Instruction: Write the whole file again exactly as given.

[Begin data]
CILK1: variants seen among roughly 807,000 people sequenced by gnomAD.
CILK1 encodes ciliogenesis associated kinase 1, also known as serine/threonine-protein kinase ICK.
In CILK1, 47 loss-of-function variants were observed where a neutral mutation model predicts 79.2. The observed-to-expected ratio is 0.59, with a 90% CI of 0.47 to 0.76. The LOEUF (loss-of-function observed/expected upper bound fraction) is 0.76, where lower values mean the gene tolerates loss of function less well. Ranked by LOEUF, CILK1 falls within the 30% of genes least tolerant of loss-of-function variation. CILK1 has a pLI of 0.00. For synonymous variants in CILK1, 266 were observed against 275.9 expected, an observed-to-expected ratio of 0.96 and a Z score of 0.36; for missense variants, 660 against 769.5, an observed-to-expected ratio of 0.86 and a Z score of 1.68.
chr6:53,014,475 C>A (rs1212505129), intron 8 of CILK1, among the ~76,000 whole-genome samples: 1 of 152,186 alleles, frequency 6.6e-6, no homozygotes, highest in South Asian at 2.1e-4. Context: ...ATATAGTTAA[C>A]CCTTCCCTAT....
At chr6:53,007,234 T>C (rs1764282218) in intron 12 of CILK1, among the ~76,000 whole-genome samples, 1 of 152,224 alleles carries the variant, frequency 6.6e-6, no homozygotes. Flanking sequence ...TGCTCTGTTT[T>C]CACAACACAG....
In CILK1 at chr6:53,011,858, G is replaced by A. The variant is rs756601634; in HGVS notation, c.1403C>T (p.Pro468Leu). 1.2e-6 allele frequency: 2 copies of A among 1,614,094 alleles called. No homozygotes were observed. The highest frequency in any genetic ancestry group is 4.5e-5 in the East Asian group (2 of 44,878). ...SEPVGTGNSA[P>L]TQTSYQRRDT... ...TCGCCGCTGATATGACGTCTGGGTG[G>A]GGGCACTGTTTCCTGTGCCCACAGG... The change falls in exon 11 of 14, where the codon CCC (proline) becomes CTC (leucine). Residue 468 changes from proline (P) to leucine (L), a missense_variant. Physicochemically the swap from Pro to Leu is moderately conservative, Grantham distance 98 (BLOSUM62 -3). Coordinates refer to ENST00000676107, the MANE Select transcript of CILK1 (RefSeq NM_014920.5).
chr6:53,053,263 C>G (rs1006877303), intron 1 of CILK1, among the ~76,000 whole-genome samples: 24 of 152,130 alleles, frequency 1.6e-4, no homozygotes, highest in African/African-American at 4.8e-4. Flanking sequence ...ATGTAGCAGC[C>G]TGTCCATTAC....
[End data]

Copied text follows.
CILK1: variants seen among roughly 807,000 people sequenced by gnomAD.
CILK1 encodes ciliogenesis associated kinase 1, also known as serine/threonine-protein kinase ICK.
In CILK1, 47 loss-of-function variants were observed where a neutral mutation model predicts 79.2. The observed-to-expected ratio is 0.59, with a 90% CI of 0.47 to 0.76. The LOEUF (loss-of-function observed/expected upper bound fraction) is 0.76, where lower values mean the gene tolerates loss of function less well. Ranked by LOEUF, CILK1 falls within the 30% of genes least tolerant of loss-of-function variation. CILK1 has a pLI of 0.00. For synonymous variants in CILK1, 266 were observed against 275.9 expected, an observed-to-expected ratio of 0.96 and a Z score of 0.36; for missense variants, 660 against 769.5, an observed-to-expected ratio of 0.86 and a Z score of 1.68.
chr6:53,014,475 C>A (rs1212505129), intron 8 of CILK1, among the ~76,000 whole-genome samples: 1 of 152,186 alleles, frequency 6.6e-6, no homozygotes, highest in South Asian at 2.1e-4. Context: ...ATATAGTTAA[C>A]CCTTCCCTAT....
At chr6:53,007,234 T>C (rs1764282218) in intron 12 of CILK1, among the ~76,000 whole-genome samples, 1 of 152,224 alleles carries the variant, frequency 6.6e-6, no homozygotes. Flanking sequence ...TGCTCTGTTT[T>C]CACAACACAG....
In CILK1 at chr6:53,011,858, G is replaced by A. The variant is rs756601634; in HGVS notation, c.1403C>T (p.Pro468Leu). 1.2e-6 allele frequency: 2 copies of A among 1,614,094 alleles called. No homozygotes were observed. The highest frequency in any genetic ancestry group is 4.5e-5 in the East Asian group (2 of 44,878). ...SEPVGTGNSA[P>L]TQTSYQRRDT... ...TCGCCGCTGATATGACGTCTGGGTG[G>A]GGGCACTGTTTCCTGTGCCCACAGG... The change falls in exon 11 of 14, where the codon CCC (proline) becomes CTC (leucine). Residue 468 changes from proline (P) to leucine (L), a missense_variant. Physicochemically the swap from Pro to Leu is moderately conservative, Grantham distance 98 (BLOSUM62 -3). Coordinates refer to ENST00000676107, the MANE Select transcript of CILK1 (RefSeq NM_014920.5).
chr6:53,053,263 C>G (rs1006877303), intron 1 of CILK1, among the ~76,000 whole-genome samples: 24 of 152,130 alleles, frequency 1.6e-4, no homozygotes, highest in African/African-American at 4.8e-4. Flanking sequence ...ATGTAGCAGC[C>G]TGTCCATTAC....